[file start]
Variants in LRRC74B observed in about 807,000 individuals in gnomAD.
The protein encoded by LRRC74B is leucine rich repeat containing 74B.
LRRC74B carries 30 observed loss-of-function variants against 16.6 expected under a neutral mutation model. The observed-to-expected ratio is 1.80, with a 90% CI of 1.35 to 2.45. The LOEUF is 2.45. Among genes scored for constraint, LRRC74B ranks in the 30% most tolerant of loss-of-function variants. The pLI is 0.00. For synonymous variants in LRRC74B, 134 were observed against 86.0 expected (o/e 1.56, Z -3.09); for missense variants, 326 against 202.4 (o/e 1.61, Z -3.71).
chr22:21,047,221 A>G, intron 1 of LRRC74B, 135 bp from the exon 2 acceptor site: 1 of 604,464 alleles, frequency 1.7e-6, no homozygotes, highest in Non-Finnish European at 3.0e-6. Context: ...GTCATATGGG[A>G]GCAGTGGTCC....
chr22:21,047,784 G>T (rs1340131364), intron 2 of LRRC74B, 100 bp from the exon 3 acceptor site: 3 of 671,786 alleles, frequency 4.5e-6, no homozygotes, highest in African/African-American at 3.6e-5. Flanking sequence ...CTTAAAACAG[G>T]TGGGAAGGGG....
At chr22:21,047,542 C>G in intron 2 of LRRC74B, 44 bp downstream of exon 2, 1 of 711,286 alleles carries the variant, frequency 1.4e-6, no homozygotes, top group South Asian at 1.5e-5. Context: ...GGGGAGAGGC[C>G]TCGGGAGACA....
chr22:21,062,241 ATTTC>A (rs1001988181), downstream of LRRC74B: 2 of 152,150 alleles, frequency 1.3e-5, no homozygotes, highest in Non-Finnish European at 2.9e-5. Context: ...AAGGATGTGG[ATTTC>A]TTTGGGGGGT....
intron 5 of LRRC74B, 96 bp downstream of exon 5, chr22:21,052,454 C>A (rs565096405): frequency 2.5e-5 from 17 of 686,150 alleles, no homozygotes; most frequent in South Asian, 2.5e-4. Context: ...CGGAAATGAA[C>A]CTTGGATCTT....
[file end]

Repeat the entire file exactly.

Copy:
Variants in LRRC74B observed in about 807,000 individuals in gnomAD.
The protein encoded by LRRC74B is leucine rich repeat containing 74B.
LRRC74B carries 30 observed loss-of-function variants against 16.6 expected under a neutral mutation model. The observed-to-expected ratio is 1.80, with a 90% CI of 1.35 to 2.45. The LOEUF is 2.45. Among genes scored for constraint, LRRC74B ranks in the 30% most tolerant of loss-of-function variants. The pLI is 0.00. For synonymous variants in LRRC74B, 134 were observed against 86.0 expected (o/e 1.56, Z -3.09); for missense variants, 326 against 202.4 (o/e 1.61, Z -3.71).
chr22:21,047,221 A>G, intron 1 of LRRC74B, 135 bp from the exon 2 acceptor site: 1 of 604,464 alleles, frequency 1.7e-6, no homozygotes, highest in Non-Finnish European at 3.0e-6. Context: ...GTCATATGGG[A>G]GCAGTGGTCC....
chr22:21,047,784 G>T (rs1340131364), intron 2 of LRRC74B, 100 bp from the exon 3 acceptor site: 3 of 671,786 alleles, frequency 4.5e-6, no homozygotes, highest in African/African-American at 3.6e-5. Flanking sequence ...CTTAAAACAG[G>T]TGGGAAGGGG....
At chr22:21,047,542 C>G in intron 2 of LRRC74B, 44 bp downstream of exon 2, 1 of 711,286 alleles carries the variant, frequency 1.4e-6, no homozygotes, top group South Asian at 1.5e-5. Context: ...GGGGAGAGGC[C>G]TCGGGAGACA....
chr22:21,062,241 ATTTC>A (rs1001988181), downstream of LRRC74B: 2 of 152,150 alleles, frequency 1.3e-5, no homozygotes, highest in Non-Finnish European at 2.9e-5. Context: ...AAGGATGTGG[ATTTC>A]TTTGGGGGGT....
intron 5 of LRRC74B, 96 bp downstream of exon 5, chr22:21,052,454 C>A (rs565096405): frequency 2.5e-5 from 17 of 686,150 alleles, no homozygotes; most frequent in South Asian, 2.5e-4. Context: ...CGGAAATGAA[C>A]CTTGGATCTT....